ESA is also building service modules for Orion missions. The service modules include solar panels to produce the craft’s electrical power, and propellant tanks to feed the capsule’s rocket thrusters.
NASA and the Japan Aerospace Exploration Agency have signed a joint exploration declaration of intent to begin negotiations for Japanese contributions on the Artemis program. In addition to helping ESA with the habitation module, Japan’s space agency has also expressed interest in launching resupply missions to the Gateway using the country’s next-generation HTV-X cargo freighter.
Canadian Prime Minister Justin Trudeau announced last year that his country would provide robotics systems for the Gateway station near the moon. The government has committed 2.05 billion Canadian dollars (about $1.6 billion) over the next 24 years for the Canadarm3 program and associated robotic aids.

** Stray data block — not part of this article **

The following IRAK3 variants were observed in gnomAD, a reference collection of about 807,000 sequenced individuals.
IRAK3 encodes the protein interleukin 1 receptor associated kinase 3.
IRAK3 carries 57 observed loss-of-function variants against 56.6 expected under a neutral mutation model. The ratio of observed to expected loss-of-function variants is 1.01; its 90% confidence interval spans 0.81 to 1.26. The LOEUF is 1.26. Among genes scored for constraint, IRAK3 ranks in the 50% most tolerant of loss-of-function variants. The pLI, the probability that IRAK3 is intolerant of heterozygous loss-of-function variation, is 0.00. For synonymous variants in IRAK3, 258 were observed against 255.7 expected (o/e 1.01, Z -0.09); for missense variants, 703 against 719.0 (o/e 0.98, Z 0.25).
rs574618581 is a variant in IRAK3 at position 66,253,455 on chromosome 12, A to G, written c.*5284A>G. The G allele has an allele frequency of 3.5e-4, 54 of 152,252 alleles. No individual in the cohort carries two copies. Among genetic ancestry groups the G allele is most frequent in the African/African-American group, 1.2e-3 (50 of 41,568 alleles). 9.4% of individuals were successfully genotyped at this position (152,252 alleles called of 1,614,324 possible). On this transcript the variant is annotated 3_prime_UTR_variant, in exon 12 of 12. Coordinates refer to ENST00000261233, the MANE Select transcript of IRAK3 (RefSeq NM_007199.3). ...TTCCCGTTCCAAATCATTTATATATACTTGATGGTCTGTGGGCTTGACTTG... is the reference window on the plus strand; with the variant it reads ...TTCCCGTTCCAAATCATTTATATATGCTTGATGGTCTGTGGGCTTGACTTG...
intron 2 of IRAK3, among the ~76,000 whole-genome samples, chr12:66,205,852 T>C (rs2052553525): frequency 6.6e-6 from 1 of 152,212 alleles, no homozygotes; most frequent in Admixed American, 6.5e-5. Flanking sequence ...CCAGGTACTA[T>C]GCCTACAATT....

Canada’s four active astronauts, based at NASA’s Johnson Space Center in Houston, have been training for space missions for years. Only one of the four astronauts, David Saint-Jacques, has flown in space aboard the International Space Station.
“I’m pretty excited that Canada has had the vision and the leadership to commit to something that we do so very well — space robotics — (and) to take it into its next evolution,” said Canadian astronaut Jeremy Hansen. “This is a significant leap in technology. It has a lot of trickle down effects with respect to artificial intelligence.”
“The international (astronaut) corps here in Houston is over the moon excited by the prospect of these missions and for the opportunity for scientific discovery and innovation that they represent,” said Joshua Kutryk, one of Canada’s four active astronauts.